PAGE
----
Regarding the 'Hangbeest'. I like it. Also, it's entirely possible to have a creature that thrives, despite its apparent shortcomings - it just means we haven't figured out its 'trick' (see: Terran Bumblebee flight). Heck, maybe it's psychic!

: ^ )

Sigmund Nastrazzurro said...

Thanks, JM. I was a bit surprised about you using 'hangbeest'. I keep forgetting that, if you copy the image, you can read the name of the file I saved it as. A 'hanging beast' it is, then...

Metalraptor said...

The Hangebeest seems perfectly likely, sort of like a cross between a chameleon and a tree sloth in lifestyle. I would expect it to be poikilothermic, to keep energy costs down until prey walks by. It is a perfectly reasonable body design, there are lots of ambush predators that live like this on Earth, crocs, snakes, mantids, etc., etc.

eleazar said...

I don't see a problem with the plausibility of the hanging beasts as long as they aren't too big or too common.

For some reason sedentary ambush predators seem most common in very small or at most medium sized animals. That might be in part because earth invertebrates can survive with their metabolism on a slower idle speed.

Such predators might also make sense in a dry environment where they can lurk around water sources, or any other environment where important resources are in a few locations. Similarly mantises often take their position near flowers.

I wouldn't expect them to be too common--- or perhaps they have very slow digestion like snakes, and only pick off one victim from the path every month or so. In any event it can't mean certain death for their prey to use paths or visit waterholes, or the prey would leave or die out and then the ambusher would obviously die.

Sigmund Nastrazzurro said...

Hi Eleazar,

I like your suggestions about the slow metabolic rate of the 'hangbeest'. In fact, from now on, that's the way it is...

Mick said...

Species A looks like some sort of odd fungus/shrub symbiote.

Species B looks like any form of bottle tree. Which seems to be a common sort of plant in dry environments. Given that I've seen unrelated species of tree have a shape like that in different dry environments. (Madagascar's Baobap, Australia's Bottletree, those Socotran trees.) The thick tree stores nutrients.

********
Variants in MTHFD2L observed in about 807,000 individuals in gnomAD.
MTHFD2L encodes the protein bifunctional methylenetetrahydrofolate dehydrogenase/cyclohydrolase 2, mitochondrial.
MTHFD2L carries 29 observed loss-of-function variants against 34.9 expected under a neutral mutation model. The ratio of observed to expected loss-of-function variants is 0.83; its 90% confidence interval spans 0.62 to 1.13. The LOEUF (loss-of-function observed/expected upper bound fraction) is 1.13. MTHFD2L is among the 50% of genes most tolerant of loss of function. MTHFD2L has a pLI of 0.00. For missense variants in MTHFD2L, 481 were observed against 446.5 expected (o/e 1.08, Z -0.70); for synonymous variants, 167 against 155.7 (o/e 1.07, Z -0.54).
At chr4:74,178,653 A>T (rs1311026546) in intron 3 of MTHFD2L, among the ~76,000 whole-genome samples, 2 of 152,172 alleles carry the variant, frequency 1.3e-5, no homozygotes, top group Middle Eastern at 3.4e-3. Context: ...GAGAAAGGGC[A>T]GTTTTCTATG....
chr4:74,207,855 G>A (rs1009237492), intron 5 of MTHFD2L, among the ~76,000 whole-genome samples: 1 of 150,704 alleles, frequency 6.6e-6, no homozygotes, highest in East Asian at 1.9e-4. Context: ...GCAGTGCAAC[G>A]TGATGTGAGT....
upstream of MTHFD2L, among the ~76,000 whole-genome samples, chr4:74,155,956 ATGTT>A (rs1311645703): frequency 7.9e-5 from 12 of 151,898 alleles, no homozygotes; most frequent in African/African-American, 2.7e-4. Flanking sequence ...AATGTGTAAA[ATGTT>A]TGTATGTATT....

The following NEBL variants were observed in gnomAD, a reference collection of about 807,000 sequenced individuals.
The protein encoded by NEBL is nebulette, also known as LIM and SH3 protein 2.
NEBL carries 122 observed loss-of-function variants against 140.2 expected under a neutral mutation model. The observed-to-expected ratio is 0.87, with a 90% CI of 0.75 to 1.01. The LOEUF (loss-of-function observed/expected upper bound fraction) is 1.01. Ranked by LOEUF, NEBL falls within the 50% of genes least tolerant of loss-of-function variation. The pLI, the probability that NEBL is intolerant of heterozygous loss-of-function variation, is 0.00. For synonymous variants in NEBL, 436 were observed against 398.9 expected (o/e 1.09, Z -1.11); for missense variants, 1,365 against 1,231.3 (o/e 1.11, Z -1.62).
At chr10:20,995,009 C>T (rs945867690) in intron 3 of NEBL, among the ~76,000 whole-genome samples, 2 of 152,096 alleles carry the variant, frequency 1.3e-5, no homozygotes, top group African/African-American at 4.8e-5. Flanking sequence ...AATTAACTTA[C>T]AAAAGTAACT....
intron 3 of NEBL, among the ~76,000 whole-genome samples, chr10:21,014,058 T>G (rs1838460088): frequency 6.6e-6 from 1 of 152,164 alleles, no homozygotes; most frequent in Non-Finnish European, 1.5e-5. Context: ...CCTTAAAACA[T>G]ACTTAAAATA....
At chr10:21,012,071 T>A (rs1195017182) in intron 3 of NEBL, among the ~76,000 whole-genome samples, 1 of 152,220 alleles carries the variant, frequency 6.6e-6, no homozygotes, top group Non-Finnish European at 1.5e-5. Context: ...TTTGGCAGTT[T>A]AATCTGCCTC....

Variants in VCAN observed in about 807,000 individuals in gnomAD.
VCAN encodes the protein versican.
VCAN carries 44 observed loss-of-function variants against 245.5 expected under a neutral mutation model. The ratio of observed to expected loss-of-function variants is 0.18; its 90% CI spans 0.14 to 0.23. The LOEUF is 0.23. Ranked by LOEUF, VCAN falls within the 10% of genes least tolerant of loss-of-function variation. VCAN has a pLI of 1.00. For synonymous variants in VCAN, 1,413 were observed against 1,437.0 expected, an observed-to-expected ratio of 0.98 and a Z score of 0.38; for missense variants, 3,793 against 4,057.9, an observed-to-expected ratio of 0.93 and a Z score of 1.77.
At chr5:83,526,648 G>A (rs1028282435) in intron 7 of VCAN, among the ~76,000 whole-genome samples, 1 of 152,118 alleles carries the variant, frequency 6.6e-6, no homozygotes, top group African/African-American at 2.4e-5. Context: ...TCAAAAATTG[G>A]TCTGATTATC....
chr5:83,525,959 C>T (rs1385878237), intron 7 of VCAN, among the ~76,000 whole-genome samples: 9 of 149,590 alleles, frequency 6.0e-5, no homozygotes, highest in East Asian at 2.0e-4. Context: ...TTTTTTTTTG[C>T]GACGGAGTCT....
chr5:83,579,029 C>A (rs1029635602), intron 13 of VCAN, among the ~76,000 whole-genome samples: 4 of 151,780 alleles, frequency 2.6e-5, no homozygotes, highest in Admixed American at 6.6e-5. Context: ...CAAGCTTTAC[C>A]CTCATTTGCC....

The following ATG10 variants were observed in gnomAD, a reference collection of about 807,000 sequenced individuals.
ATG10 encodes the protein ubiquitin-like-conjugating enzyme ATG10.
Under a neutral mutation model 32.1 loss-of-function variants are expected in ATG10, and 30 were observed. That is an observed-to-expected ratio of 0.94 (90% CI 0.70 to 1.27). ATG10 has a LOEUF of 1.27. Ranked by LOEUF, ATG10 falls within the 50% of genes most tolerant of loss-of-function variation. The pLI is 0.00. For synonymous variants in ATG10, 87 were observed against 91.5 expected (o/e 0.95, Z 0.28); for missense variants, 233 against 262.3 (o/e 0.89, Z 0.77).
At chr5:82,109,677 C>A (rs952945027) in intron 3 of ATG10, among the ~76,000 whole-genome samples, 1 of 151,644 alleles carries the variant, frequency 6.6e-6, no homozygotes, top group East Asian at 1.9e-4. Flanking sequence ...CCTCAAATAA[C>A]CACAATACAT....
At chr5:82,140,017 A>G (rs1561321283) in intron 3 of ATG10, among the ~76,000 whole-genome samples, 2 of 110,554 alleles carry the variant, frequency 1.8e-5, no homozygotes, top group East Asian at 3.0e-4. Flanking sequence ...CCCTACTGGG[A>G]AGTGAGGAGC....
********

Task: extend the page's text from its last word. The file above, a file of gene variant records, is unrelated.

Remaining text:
Some animals do that too, like honeypot ants, found in the Australian desert (Which I've visited. (I'm heading back to Oz in fact this summer)

Anonymous said...

While it is good to have alien looking lifeforms its good not to go overboard like Alien Planet did.The Hangbeest seems to be perfectly plausible to me.Maybe its able to camouflage itself. Or maybe its able to look like the plants around it(think praying mantis).

Dromicosuchus said...

With regard to the first portion of the post, and the basic problem of creating animals that look alien, but also look believable--I have to say (and I don't mean this in a derogatory fashion at all, mind you; I greatly admire the diversity and inventiveness of your creatures, particularly beasties like your spidrids, your radially-symmetrical fliers (their name escapes me at the moment), and your tube-shaped "fish") that quite a few of your creations do look a bit too similar to Earth life to be easily believable as products of a completely independent line of evolution.

That said, I don't know that I've ever seen speculative biology creatures created by ANY artist that really hit that sweet spot of "alien but not TOO alien;" legs, heads, and bilateral symmetry make a lot of sense, and certainly have evolved multiple times on Earth (well, legs and heads have, at least; I don't know about bilaterianism), but as soon as an artist incorporates them into an organism it instantly becomes familiar. Maybe strange symmetry is the answer? Spherically symmetrical animals, perhaps. Glide-shifted symmetry. Helical symmetry. The former precludes heads, the middle allows legs but only in VERY strange arrangements, and the latter allows a head but...well, I don't even know how such a creature might move on land. A corkscrewing gait, perhaps; I'm imagining something like a sidewinder snake that continually rotates as it travels.